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Fanfare Magazine: 43:3 (01-02/2020) 
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Amadio Freddi: Vespers (1616) Product Image

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Reviewer: J. F. Weber

Amadio Freddi (c. 1580–1643) adds one more composer to the Fanfare Archive. His biography as found in three important encyclopedias of music (British, German, Italian) abounds in confusion, so the director of this ensemble has tried to reconcile the conflicting data in his notes. He begins by choosing 1580 over 1570 for his birth year (only calculated from his age at death) because his first position was singing treble at San Antonio in Padua in 1592. He published a madrigal in 1598, became a priest in 1604, and published the present Vespers with Compline and a Mass in 1616, a significant echo of Monteverdi’s monumental work of 1610. He had left San Antonio in 1614, moving to Treviso cathedral as maestro, where he remained until 1627. The Ghirlanda sacra of 1625, a collection that included works by Monteverdi, contained two of his works recorded here, Cognoscam te Domine and Salve Regina. He spent the next seven years as maestro at the Vicenza cathedral. The Ave maris stella reconstructed on this disc was published in his final collection during this time. The Vespers of the title comprises five psalms and canticle that form the structure of the service. (They betray the same problem as Monteverdi’s Vespers of 1610, a set of psalms for Vespers of the Blessed Virgin that does not match the modes of the antiphons for any liturgical occasion.) In addition to these nine tracks, nine other tracks contain the music of the six other composers listed, half of them active at San Marco. (He spent his whole life in the Veneto.)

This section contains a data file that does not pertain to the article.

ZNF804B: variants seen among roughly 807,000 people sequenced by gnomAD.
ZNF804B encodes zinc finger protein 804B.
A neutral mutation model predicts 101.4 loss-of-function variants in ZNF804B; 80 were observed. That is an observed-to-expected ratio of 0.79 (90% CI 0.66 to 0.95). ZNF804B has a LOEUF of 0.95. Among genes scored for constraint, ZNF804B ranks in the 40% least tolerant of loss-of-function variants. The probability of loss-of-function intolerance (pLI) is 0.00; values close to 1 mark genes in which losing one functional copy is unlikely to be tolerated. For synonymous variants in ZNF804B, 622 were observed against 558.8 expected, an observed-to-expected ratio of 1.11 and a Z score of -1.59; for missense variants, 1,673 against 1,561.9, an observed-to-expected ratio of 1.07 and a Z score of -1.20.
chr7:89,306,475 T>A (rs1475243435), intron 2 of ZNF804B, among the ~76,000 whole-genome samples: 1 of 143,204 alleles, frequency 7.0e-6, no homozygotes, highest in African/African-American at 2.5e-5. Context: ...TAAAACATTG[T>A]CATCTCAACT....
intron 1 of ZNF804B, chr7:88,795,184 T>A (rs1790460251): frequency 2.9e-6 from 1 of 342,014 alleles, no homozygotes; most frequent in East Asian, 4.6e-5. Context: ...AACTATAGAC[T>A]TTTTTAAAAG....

The resemblance of Freddi’s psalms and canticle to Monteverdi is more than coincidental, for he must have been aware of the 1610 publication. The psalms are spaced out by instrumental works except for Grandi’s Tota pulchra es (with Newton as the soloist) after the second psalm and Cognoscam te, Domine (with Thomas Herford as soloist) after the fourth psalm. The Salve Regina (with Newton again) comes before the canticle rather than after, probably because the Magnificat makes a bigger climax to the program. The sequence of pieces unfolds similarly to many other reconstructions of Vespers for this period. The voices are lovely (a colleague compared Newton to Emma Kirkby) and the instrumental playing is accomplished. The band has mastered the Italian Baroque style to a high degree, and Savan knows the repertoire so well that he can find something to fit each slot in his program. Of the other singers, Steven Harrold’s name leapt out as a familiar one that can be found in every British vocal ensemble.


All the Freddi works are first recordings except Cognoscam te, Domine and Salve Regina, though I can’t find them elsewhere. Grandi’s Tota pulchra es was sung by Robert Crowe (35:1) and Eva Lebherz-Valentin (17:3). The Gonzaga Band includes here only six singers, a violin, a cornett, and an organ. Formed in 1997, the core members are Savan, the soprano Faye Newton, and Steven Devine at the organ, with other members added as needed. Their previous issue on this label was reviewed here (42:3), along with one of their two previous Chandos records (33:3). If you are looking for offbeat Baroque repertoire with a familiar ring to it, you will enjoy this fine production.

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